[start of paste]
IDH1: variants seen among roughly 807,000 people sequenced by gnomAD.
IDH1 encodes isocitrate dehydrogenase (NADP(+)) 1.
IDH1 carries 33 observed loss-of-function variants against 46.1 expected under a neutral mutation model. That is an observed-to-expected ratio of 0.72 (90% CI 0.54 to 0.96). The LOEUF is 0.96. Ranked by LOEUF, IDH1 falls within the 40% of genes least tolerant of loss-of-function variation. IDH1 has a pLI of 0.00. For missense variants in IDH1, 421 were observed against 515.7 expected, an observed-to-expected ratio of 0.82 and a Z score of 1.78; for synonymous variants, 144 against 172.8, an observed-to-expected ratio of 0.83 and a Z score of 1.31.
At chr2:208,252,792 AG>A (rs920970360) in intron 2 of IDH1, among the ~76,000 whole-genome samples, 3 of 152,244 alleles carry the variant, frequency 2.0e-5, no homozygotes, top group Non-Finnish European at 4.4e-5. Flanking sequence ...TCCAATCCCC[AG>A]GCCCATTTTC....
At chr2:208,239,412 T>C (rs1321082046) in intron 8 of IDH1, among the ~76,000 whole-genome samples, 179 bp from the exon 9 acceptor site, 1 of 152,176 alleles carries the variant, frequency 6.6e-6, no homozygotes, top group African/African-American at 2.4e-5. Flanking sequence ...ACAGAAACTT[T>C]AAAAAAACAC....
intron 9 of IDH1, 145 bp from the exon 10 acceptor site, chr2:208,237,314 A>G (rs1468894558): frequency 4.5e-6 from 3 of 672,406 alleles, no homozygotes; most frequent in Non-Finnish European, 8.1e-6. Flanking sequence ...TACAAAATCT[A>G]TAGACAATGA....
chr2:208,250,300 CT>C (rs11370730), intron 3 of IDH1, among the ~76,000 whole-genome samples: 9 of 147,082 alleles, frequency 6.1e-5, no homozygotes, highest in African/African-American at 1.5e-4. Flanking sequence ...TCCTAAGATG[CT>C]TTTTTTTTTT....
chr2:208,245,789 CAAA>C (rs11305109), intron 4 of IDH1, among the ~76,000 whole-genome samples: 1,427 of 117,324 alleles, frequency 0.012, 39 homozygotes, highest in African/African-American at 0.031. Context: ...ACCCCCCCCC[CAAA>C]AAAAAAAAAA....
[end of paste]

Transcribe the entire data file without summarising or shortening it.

IDH1: variants seen among roughly 807,000 people sequenced by gnomAD.
IDH1 encodes isocitrate dehydrogenase (NADP(+)) 1.
IDH1 carries 33 observed loss-of-function variants against 46.1 expected under a neutral mutation model. That is an observed-to-expected ratio of 0.72 (90% CI 0.54 to 0.96). The LOEUF is 0.96. Ranked by LOEUF, IDH1 falls within the 40% of genes least tolerant of loss-of-function variation. IDH1 has a pLI of 0.00. For missense variants in IDH1, 421 were observed against 515.7 expected, an observed-to-expected ratio of 0.82 and a Z score of 1.78; for synonymous variants, 144 against 172.8, an observed-to-expected ratio of 0.83 and a Z score of 1.31.
At chr2:208,252,792 AG>A (rs920970360) in intron 2 of IDH1, among the ~76,000 whole-genome samples, 3 of 152,244 alleles carry the variant, frequency 2.0e-5, no homozygotes, top group Non-Finnish European at 4.4e-5. Flanking sequence ...TCCAATCCCC[AG>A]GCCCATTTTC....
At chr2:208,239,412 T>C (rs1321082046) in intron 8 of IDH1, among the ~76,000 whole-genome samples, 179 bp from the exon 9 acceptor site, 1 of 152,176 alleles carries the variant, frequency 6.6e-6, no homozygotes, top group African/African-American at 2.4e-5. Flanking sequence ...ACAGAAACTT[T>C]AAAAAAACAC....
intron 9 of IDH1, 145 bp from the exon 10 acceptor site, chr2:208,237,314 A>G (rs1468894558): frequency 4.5e-6 from 3 of 672,406 alleles, no homozygotes; most frequent in Non-Finnish European, 8.1e-6. Flanking sequence ...TACAAAATCT[A>G]TAGACAATGA....
chr2:208,250,300 CT>C (rs11370730), intron 3 of IDH1, among the ~76,000 whole-genome samples: 9 of 147,082 alleles, frequency 6.1e-5, no homozygotes, highest in African/African-American at 1.5e-4. Flanking sequence ...TCCTAAGATG[CT>C]TTTTTTTTTT....
chr2:208,245,789 CAAA>C (rs11305109), intron 4 of IDH1, among the ~76,000 whole-genome samples: 1,427 of 117,324 alleles, frequency 0.012, 39 homozygotes, highest in African/African-American at 0.031. Context: ...ACCCCCCCCC[CAAA>C]AAAAAAAAAA....